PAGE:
Twisted Antlers: A Hunter's Dangerous Pursuit of That Which Will Never Satisfy
Updated: Dec 1, 2021
The late November woods released a shadow. It came fast, covering the barren ground like a
ghost. Snapping twigs and shuffling leaves accompanied its form as it took shape. Patches of white appeared around its eyes and on the neck, and the big-bodied buck came zigzagging into range through the naked timbers like a pro-bowler shooting through gaps in a defense.
Top-heavy for such precision, it carried an awareness quite unlike the nervous deer passing earlier. It stopped. A handsome whitetail by all counts. Except above its ears, instead of a stately rack was a worn grapevine stump near a lone nub. The hunter flipped off the safety, settled on a patch of hair and squeezed.
His earliest dreams were to take home a mature buck. Grandpa’s stories of chasing cedar-swamp bruisers on Drummond Island, coupled by years of subscriptions to Field and Stream, rich with colorful copy showcasing hunters and their bucks from across the country had set the spark. At twelve, the boy earned his hunter’s certificate. Each fall, stories from schoolmates came trickling in between classes, while he continued to learn as they detailed their exciting success taking first bucks, and sometimes second. There were bucks that came in on a grunt call. Bucks that came following doe, and those which their dads, uncles, and brothers had shot. Many of those days were spent listening.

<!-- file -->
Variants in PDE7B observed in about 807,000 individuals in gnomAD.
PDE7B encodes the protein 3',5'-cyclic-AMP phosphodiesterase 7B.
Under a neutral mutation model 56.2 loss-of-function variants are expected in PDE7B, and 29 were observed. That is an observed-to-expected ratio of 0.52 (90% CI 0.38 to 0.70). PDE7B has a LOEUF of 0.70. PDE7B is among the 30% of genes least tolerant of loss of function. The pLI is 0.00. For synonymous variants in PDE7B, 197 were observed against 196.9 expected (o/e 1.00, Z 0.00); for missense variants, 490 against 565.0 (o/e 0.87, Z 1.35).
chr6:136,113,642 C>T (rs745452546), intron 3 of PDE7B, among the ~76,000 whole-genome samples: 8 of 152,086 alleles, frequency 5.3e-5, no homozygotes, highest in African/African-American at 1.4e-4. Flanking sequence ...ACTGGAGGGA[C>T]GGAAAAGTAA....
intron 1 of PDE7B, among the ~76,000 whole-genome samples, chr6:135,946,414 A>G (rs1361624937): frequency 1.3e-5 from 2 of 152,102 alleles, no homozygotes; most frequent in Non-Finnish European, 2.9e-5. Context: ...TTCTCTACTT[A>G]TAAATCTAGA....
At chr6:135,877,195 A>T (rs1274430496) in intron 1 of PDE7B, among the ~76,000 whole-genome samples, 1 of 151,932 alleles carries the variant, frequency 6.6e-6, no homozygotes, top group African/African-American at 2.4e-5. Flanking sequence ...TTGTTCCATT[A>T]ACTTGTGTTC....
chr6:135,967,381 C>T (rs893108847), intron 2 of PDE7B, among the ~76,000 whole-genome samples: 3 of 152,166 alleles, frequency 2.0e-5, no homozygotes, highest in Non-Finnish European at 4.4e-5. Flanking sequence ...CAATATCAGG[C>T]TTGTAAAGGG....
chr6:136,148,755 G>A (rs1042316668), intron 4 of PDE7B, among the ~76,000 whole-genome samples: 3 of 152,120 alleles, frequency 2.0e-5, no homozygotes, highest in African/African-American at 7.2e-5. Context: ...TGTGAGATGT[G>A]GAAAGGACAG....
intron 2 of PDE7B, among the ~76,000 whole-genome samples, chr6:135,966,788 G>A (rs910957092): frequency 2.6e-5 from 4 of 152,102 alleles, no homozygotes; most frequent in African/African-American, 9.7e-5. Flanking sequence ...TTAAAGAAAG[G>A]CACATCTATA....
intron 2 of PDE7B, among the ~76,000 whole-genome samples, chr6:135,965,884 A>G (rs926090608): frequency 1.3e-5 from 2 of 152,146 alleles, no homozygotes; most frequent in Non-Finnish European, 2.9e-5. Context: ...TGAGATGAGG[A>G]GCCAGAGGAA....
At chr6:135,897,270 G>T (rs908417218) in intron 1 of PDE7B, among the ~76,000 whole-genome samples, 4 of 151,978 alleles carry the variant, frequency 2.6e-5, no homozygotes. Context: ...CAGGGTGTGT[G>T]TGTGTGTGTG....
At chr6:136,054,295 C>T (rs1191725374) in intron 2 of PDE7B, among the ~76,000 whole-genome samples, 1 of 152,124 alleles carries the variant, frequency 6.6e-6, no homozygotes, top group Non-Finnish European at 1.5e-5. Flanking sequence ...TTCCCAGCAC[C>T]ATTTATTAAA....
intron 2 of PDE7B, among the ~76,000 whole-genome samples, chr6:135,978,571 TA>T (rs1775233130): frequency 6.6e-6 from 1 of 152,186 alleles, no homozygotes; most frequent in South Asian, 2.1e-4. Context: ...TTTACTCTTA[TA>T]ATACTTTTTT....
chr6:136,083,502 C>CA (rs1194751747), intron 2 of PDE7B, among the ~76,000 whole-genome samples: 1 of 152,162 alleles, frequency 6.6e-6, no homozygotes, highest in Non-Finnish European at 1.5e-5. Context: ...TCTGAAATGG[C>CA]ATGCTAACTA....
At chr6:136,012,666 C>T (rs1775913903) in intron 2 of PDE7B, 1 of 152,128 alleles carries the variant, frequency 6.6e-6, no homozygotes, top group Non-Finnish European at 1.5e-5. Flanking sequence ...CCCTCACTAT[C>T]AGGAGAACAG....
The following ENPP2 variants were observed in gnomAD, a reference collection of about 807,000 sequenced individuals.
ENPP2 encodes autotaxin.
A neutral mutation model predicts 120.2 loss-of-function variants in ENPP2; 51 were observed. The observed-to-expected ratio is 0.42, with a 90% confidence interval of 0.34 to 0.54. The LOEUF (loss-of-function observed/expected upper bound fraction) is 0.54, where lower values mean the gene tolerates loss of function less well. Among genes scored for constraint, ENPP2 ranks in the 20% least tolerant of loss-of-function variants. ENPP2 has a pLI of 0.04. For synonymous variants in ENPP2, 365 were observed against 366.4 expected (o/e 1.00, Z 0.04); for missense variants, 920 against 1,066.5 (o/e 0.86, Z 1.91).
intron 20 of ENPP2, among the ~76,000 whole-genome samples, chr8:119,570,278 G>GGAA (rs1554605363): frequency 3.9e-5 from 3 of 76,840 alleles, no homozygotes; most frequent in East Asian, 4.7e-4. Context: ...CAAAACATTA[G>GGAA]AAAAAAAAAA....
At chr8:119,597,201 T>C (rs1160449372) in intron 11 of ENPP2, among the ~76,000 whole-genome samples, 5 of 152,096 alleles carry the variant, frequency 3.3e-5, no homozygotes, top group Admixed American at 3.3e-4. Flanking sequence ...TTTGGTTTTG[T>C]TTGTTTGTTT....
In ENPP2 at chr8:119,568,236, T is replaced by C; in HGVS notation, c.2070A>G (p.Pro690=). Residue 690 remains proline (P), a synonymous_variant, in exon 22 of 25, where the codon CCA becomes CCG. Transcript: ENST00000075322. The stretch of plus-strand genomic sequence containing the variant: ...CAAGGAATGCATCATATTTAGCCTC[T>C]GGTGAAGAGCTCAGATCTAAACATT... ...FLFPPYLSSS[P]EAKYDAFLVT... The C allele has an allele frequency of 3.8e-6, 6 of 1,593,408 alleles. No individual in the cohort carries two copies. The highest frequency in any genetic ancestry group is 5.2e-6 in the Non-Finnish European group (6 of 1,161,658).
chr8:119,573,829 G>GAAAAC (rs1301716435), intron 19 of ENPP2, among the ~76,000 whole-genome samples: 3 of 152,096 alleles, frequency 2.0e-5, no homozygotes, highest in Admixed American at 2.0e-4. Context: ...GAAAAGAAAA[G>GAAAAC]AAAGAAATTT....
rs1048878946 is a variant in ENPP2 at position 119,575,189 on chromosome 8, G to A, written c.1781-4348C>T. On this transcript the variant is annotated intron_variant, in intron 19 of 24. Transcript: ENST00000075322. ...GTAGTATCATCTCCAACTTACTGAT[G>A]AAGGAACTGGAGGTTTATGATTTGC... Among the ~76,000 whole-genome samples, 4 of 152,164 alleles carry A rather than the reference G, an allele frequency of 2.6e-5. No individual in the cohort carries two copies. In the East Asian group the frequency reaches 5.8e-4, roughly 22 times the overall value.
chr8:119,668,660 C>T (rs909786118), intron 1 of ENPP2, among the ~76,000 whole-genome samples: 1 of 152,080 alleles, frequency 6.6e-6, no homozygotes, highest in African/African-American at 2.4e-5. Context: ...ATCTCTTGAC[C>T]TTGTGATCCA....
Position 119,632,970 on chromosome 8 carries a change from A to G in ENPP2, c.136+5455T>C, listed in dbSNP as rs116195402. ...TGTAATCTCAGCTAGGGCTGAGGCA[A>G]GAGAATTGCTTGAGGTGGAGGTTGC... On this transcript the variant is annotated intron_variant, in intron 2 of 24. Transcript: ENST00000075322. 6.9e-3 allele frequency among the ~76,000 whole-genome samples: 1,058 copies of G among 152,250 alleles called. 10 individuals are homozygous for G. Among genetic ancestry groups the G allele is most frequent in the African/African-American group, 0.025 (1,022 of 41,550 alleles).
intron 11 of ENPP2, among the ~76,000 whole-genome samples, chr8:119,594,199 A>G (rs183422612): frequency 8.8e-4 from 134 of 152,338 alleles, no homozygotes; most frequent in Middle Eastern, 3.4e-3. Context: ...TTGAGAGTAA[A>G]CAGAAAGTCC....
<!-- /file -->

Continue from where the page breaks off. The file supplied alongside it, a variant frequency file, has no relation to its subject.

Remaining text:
By his late teens, he was skillful with both bow and rifle, practicing after school - often into the night, for his day of hopeful glory. He’d begun hunting too, learning mostly by mistakes. Arriving late, leaving early, busting deer with sound, busting deer with movement, busting deer with scent. The curve was steep. He grew tired of certain stories, where despite low-arrowed, gut-shot, or even lucky-shot scenarios, bucks had been tagged, their prized racks adorning the walls.
From October through Christmas, deer hunting consumed him. Friends, schoolwork, sports, girlfriends. Resolve drove him into the woods, eventually stealing from his passion. Each time he returned empty-handed, his desire intensified. A few years went by, he considered it a prolonged sweetening to a hard-earned success story. It was inevitable. It had to come..
While in college, during calls home he sometimes got details of “so and so”, some distant-colleague of his father “brought home a really nice 10-pointer”. It churned at him. Social media popularized, and so did the hunting pictures which hardened his reality. Hunters, often much younger, hovering over gargantuan bucks, gripping massive antlers. They might as well be shoved in his side.
Still, he was lethal. With his amount of time in the woods, it had to be. Proven by the half-dozen doe and other game he’d taken off the property, his grandpa knew of the lethality the young man possessed, and this buck-less streak ate at him, too. In those years, his encouragement came regularly.
“Woods are always open.” “You should get back out there this Saturday.”
He was generous, giving the teenager access to his 40-acre darling of hardwoods, just 15 minutes outside the city. Other hunter’s requests were often batted back in hopes of improving his chance at scoring a bruiser amidst all those funnels and ravines. Grandpa had been gone nearly a decade now, and with his passing, so went the property. Yet h